Some thoughts appear below the fold on the apology:
When I wish to say “I apologise” in German, I say “Entschuldigen Sie mich.” Adding the prefix “ent-” assigns transitivity to the noun “Schuld,” which is transformed into a verb by the suffix “-igen.” Typically, “ent-” performs the same function as the prefix “dis-” in English, namely, the removal of a state. Wrapped up within the phrase “Entschuldigen Sie mich” is a wonderful illustration of why I think German is such a beautiful language: it is so wonderfully ambiguous.
Take, for example, the fact that the state (“Schuld”) that “ent-” is supposed to divest the agent from has two separate but inter-related meanings. Josh Dubler writes in a superb essay that “…what is revealed by the open secret of the German homophone, guilt (Schuld) is but the moralization of debt (Schuld), and as such is the narrativized justification for the creditor’s license…” – a license, I should add, to issue some repayment from the debtor.
So, when we apologise for something, we’re looking to neutralise an imbalance of some kind. The original harm creates an imbalance of power that the performance of an apology will reverse, and that can then be neutralised through the final stage of the process (forgiveness). There are three steps, each of which is inscribed into the ledger in red or black ink based on the currency of power: 1) harm, 2) apology, 3) forgiveness.
I submit that the power imbalance created either from an apology or from, say, the original harm manifests as a kind of shame visited upon one of the parties. And because shame intensifies over time – it accumulates interest – so does that power imbalance grow in the absence of forgiveness. Shame is both self-reinforcing, and disintegrative. Without forgiveness, the power imbalance of apology amplifies until it’s neutralised entirely.
I worry often about the failure on the part of many, especially those whom I otherwise consider to be very conscientious people, to recognise the obligations and responsibilities of the forgiver to write off the debt. I’ll give a few examples:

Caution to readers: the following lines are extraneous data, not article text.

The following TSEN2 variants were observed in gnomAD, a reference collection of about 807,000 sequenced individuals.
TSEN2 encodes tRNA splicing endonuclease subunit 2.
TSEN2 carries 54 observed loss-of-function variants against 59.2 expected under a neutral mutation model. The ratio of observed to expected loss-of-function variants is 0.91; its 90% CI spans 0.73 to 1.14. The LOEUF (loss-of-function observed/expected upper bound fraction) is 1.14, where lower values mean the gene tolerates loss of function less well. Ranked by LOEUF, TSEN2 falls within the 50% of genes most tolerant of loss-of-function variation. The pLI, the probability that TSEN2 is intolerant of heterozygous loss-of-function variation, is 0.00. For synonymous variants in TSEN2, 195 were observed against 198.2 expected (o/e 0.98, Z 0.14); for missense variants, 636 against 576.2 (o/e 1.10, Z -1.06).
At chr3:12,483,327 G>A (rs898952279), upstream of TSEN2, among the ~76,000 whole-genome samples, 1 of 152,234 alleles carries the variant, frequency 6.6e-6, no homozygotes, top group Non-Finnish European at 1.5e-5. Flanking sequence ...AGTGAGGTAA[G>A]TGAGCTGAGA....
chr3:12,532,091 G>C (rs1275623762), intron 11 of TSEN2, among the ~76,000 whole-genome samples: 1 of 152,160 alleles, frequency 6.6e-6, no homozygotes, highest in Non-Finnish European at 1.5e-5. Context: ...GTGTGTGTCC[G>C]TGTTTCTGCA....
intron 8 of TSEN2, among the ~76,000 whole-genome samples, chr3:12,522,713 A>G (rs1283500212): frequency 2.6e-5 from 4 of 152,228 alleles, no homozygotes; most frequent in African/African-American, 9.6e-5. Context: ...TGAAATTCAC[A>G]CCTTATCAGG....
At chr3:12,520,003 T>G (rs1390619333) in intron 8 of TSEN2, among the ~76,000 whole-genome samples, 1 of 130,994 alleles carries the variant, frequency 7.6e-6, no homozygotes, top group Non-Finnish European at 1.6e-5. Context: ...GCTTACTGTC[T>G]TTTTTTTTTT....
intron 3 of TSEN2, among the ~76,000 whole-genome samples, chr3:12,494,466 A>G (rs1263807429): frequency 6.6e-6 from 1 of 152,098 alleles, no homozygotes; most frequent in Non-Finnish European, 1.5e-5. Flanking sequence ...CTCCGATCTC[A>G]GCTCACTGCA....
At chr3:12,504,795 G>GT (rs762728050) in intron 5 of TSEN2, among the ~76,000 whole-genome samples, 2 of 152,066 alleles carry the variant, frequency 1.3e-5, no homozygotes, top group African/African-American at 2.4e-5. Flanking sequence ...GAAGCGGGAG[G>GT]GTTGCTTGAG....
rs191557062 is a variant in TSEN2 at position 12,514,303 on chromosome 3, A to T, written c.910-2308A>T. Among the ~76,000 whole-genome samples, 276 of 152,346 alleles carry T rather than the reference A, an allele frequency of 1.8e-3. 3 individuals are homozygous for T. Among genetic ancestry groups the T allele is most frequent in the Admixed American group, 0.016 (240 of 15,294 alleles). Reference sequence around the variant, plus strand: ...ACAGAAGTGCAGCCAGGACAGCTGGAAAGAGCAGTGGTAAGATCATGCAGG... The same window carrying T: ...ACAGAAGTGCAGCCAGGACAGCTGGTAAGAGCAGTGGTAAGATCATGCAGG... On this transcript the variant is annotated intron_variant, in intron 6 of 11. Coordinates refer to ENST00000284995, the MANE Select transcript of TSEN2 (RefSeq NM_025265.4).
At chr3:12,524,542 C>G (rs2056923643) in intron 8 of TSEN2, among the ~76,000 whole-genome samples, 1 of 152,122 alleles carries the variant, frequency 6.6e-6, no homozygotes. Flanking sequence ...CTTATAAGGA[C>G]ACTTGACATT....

- Michael Moynihan wrote last month about the emptiness of Jonah Lehrer’s apology for having committed “a real quantifiable offense” – the plagiarism of his own work, recycled into new articles. He argued rather preposterously that it was precisely because Lehrer’s infraction was identifiable that the apology couldn’t have been sincere; Moynihan argued that Lehrer’s apology was little more than a plea to re-enter the fold of glitterati – he simply “wanted back in.”
- Similarly excoriating insinuations of insincerity were leveled a few years ago at the journalist Johann Hari who, after having been outed for (among other things) recycling material from press releases as new material, returned his Orwell Prize and made a full-throated public apology. It was met with the same sanctimonious response of the ne’er-do-wrongs. Like Lehrer, Hari is struggling to refurbish his career in journalism (and doing a superb job of it, if you ask me).
- Andrew Gelman has become something of a policeman of plagiarism in the academic statistical community – although he disavows the label – and he has taken numerous academics to task for errors that range from the honest to the indisputably egregious. A worthwhile endeavour, to be sure, and I applaud him for it. Nonetheless, I’m troubled by the reaction of people who fail to take public apologies at face value and move on.*
In all three examples, apologies have been used by the prospective forgiver to exploit a power imbalance. Sure, past offenders might warrant extra scrutiny for fear of future instances of recidivism; the presumption that recidivism is inevitable, however, impedes people’s willingness to forgive at all.
The point here isn’t really about plagiarism or professional dishonesty. Those just happen to be some examples that popped to mind. Rather, the point here is about the exploitative power imbalance that’s endemic to the apology, and the inability among many to think hard about the essential role that forgiveness should play in restoring healthy power equality. It’s that inability, as far as I can tell, that makes it so hard for people to apologise in the first place. And I wish that wasn’t the case.
It’s empowering when someone who has made a mistake acknowledges they’ve done something wrong. It feels good when someone prostrates themselves at your feet and awaits your judgment. But that superiority we enjoy once that happens is self-reinforcing and disintegrative, and it’s bought with the coin of the apologiser’s shame. We’d do well to be frugal with that credit.
*Let me just be clear about my opinion of Gelman’s contribution. He’s been clear before that 1) he recognises the tricky moral terrain of apology, and 2) that ideally the approach should look a little like this:
“Making mistakes is human; what’s important (if the goal is to get closer to the truth) is to recognize those mistakes and move forward.”
But sometimes, as in the PS comments in posts such as this one, I’m not sure how receptive he really is to apology. I’m also not sure whether he recognises how much he’s contributing to the problem that apologetic offenders can’t wipe the slate clean and “move forward” as he hopes they should. And that’s really the larger problem that this post is actually about.
Finally, to end on a lighter note, Bill Hicks sees the value of timely forgiveness: